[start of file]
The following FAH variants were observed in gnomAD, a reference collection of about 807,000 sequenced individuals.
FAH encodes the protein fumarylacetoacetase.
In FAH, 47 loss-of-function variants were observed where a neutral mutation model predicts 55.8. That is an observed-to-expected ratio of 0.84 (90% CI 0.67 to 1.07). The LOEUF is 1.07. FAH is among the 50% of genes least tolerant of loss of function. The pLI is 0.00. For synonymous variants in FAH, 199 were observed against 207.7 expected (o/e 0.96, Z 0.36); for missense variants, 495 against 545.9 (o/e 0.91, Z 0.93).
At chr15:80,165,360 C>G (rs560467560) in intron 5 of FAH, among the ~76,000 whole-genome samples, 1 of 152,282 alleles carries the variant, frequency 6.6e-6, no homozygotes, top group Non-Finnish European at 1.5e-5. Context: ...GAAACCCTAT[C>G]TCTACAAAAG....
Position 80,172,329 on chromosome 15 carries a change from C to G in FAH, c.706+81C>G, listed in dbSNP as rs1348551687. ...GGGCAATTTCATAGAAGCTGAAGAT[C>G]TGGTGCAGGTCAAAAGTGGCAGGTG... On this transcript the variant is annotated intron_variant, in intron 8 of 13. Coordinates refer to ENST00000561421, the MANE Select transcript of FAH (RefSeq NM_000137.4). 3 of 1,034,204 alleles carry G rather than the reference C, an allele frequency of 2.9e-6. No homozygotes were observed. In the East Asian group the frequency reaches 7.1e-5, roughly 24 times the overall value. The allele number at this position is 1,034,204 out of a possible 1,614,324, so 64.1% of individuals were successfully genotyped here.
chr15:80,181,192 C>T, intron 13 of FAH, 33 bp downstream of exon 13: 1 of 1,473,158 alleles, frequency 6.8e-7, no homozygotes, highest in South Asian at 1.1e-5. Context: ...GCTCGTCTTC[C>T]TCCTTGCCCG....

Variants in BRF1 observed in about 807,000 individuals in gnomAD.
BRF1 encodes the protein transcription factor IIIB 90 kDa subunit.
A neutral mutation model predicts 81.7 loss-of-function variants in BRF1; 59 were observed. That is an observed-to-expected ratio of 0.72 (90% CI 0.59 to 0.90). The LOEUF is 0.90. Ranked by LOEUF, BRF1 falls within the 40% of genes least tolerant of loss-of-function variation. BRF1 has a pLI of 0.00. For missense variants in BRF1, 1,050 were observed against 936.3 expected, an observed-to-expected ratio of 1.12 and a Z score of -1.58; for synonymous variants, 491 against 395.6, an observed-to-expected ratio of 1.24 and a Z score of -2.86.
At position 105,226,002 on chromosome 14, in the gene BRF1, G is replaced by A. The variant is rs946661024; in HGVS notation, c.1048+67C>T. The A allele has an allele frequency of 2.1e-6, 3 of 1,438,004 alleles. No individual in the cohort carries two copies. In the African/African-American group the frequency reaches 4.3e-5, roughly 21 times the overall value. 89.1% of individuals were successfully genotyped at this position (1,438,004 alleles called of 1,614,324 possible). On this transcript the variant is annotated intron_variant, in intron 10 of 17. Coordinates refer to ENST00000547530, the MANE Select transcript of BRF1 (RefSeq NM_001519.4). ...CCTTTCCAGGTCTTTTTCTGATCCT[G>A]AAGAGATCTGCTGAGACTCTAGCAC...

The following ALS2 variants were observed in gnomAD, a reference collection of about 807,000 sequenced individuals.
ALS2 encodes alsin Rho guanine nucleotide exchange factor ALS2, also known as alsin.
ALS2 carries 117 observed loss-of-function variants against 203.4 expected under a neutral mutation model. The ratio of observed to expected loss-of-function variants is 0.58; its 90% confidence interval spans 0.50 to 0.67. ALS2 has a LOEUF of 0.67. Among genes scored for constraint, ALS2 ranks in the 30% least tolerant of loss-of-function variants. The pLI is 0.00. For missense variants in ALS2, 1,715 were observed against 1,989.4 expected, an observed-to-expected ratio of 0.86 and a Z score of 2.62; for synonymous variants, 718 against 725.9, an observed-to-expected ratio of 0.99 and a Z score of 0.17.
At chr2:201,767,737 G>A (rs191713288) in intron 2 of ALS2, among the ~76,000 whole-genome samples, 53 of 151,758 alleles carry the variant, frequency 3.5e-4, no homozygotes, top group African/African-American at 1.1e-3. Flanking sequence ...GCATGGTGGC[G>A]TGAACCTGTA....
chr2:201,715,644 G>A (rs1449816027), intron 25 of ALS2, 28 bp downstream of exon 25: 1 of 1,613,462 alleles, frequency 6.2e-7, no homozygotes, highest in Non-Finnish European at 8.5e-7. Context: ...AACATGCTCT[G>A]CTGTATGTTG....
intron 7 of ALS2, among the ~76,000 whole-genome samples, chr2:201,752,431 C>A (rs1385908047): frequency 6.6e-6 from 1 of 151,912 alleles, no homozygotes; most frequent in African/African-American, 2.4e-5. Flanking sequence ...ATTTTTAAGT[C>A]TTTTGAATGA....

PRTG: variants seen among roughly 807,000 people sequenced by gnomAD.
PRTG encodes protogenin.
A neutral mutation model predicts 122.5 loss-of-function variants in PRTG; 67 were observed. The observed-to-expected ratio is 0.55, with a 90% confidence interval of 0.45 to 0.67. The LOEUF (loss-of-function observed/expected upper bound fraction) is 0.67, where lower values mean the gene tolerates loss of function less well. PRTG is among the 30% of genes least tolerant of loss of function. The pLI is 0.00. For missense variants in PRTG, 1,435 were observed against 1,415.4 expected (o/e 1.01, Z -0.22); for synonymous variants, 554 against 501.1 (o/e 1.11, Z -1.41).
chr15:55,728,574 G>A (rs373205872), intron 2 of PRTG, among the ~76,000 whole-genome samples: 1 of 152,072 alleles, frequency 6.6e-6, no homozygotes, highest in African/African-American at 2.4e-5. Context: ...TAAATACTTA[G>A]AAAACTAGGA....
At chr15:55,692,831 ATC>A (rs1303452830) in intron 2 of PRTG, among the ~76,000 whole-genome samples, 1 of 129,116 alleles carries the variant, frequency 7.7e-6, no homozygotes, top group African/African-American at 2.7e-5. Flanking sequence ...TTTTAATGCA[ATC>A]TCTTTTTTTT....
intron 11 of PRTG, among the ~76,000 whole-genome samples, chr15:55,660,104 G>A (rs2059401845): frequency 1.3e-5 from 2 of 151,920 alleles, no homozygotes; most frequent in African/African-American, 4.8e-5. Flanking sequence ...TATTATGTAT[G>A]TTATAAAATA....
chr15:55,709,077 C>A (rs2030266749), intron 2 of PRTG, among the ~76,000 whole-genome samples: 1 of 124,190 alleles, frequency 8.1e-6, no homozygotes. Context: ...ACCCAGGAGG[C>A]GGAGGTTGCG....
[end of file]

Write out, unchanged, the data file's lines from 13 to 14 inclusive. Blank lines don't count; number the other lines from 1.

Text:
ALS2 carries 117 observed loss-of-function variants against 203.4 expected under a neutral mutation model. The ratio of observed to expected loss-of-function variants is 0.58; its 90% confidence interval spans 0.50 to 0.67. ALS2 has a LOEUF of 0.67. Among genes scored for constraint, ALS2 ranks in the 30% least tolerant of loss-of-function variants. The pLI is 0.00. For missense variants in ALS2, 1,715 were observed against 1,989.4 expected, an observed-to-expected ratio of 0.86 and a Z score of 2.62; for synonymous variants, 718 against 725.9, an observed-to-expected ratio of 0.99 and a Z score of 0.17.
At chr2:201,767,737 G>A (rs191713288) in intron 2 of ALS2, among the ~76,000 whole-genome samples, 53 of 151,758 alleles carry the variant, frequency 3.5e-4, no homozygotes, top group African/African-American at 1.1e-3. Flanking sequence ...GCATGGTGGC[G>A]TGAACCTGTA....